The Kurkh Stela

The Kurkh Stela, circa 852 BCE, Limestone, British Museum, London.

This stela, found in the Southeastern Anatolia Region of Turkey in 1861, shows King Shalmaneser III standing before the symbols of four divine beings: Ashur, Ishtar, Anu, and Sin. The cuneiform inscription that covers the face, sides and back of the stela record the military activities of the king up to the Battle of Qarqar. All the cities conquered and the tributes received over the six-year campaign were recorded.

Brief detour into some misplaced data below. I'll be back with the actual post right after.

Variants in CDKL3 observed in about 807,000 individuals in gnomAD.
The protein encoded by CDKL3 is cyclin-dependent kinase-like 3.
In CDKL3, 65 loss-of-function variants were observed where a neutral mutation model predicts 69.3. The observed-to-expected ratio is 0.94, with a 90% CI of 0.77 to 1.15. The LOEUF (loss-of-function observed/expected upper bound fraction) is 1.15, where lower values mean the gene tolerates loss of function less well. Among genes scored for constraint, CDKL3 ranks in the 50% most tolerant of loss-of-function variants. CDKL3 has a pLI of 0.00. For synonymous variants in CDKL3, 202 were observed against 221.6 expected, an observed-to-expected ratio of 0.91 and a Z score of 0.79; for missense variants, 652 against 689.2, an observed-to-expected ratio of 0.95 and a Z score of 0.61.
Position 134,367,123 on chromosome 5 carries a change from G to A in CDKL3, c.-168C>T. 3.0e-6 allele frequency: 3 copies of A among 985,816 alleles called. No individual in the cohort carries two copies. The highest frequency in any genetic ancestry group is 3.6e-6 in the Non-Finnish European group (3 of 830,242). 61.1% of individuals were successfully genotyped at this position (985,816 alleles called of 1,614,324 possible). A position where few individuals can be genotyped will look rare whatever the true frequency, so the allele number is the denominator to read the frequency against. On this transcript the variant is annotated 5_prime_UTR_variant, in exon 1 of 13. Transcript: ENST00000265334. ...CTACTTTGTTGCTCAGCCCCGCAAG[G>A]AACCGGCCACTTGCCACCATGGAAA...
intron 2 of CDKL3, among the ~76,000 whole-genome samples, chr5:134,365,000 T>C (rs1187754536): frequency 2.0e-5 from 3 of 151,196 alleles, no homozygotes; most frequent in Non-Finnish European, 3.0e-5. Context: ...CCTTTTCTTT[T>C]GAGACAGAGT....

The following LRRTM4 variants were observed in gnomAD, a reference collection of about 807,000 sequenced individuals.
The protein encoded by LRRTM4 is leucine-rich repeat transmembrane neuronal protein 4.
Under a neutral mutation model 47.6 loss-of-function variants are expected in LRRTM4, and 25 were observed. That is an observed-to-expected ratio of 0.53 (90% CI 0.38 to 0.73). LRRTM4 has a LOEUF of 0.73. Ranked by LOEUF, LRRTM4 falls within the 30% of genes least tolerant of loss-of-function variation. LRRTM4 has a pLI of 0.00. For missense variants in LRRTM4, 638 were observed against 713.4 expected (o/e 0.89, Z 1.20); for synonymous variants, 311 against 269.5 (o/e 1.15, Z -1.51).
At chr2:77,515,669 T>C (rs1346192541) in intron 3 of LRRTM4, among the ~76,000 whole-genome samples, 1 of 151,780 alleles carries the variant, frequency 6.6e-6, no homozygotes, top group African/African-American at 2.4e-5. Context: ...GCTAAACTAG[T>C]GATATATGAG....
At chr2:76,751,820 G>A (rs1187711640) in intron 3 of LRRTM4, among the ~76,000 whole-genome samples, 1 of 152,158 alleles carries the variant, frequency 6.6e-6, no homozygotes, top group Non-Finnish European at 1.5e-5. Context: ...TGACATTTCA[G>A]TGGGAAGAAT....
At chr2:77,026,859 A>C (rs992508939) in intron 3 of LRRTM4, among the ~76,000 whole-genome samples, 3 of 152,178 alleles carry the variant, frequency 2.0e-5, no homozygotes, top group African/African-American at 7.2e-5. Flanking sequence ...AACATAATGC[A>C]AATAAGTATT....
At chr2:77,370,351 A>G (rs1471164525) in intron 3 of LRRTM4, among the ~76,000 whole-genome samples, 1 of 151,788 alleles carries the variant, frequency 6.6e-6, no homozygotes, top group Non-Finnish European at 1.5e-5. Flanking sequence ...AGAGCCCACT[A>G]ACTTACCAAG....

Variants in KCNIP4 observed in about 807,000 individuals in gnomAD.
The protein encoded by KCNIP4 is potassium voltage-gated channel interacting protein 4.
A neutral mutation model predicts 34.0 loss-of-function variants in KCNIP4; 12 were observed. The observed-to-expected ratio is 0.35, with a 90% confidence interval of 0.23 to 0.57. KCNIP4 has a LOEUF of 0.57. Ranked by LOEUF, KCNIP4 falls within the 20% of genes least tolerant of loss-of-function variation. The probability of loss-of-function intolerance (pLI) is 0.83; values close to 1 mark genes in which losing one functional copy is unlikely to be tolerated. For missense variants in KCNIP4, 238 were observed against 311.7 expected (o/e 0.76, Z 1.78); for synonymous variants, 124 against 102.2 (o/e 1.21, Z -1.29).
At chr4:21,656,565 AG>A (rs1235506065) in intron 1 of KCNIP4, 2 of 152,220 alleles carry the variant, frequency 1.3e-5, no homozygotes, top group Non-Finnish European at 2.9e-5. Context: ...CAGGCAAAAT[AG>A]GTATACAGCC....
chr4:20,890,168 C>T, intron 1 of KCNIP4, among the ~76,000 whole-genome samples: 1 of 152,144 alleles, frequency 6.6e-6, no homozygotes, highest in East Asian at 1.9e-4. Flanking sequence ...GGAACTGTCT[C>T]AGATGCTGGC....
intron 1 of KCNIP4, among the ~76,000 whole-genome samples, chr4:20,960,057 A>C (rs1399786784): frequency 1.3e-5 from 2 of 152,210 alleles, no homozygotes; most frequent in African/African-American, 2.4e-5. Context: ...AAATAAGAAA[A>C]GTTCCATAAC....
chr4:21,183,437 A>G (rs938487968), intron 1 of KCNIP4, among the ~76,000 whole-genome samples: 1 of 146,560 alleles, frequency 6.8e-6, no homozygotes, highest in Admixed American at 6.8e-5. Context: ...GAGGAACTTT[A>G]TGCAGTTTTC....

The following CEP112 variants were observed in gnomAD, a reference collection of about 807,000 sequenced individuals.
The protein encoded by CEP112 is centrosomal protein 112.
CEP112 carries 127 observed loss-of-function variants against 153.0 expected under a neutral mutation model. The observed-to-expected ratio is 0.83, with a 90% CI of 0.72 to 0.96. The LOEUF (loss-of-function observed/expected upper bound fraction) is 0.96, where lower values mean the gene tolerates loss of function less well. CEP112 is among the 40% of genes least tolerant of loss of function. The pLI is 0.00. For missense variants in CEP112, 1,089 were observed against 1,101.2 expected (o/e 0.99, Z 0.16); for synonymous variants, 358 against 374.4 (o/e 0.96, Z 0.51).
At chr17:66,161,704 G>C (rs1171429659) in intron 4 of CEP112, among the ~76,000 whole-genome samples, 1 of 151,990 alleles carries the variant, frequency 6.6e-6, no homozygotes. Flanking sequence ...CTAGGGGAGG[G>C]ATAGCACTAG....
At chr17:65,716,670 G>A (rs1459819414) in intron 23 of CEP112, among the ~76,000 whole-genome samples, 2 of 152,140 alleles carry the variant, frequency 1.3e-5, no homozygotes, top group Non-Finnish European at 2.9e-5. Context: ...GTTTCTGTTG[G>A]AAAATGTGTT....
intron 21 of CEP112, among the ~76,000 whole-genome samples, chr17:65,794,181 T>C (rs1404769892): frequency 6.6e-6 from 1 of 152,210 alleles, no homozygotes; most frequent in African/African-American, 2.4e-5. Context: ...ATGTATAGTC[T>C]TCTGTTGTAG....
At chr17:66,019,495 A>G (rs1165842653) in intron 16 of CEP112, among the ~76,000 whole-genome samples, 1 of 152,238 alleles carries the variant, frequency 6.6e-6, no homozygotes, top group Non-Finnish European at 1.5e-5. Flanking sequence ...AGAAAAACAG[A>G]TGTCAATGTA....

An upright stone slab usually inscribed or carved for commemorative purposes.

The region of Asia Minor, including modern Turkey, location of the Hittite Empire and Hittite-Luwian languages.

The writing system of ancient Mesopotamia, consisting of wedges pressed into clay.

Characteristic of a deity (a god or goddess).

A city in northern Syria that was the site of a massive battle between the Neo-Assyrian king Shalmaneser III and an alliance of Northwest Semitic kings, including the king of Aram. The battle, which took place in 853 B.C.E., was a notable point in the ascendane of the Neo-Assyrian Empire.

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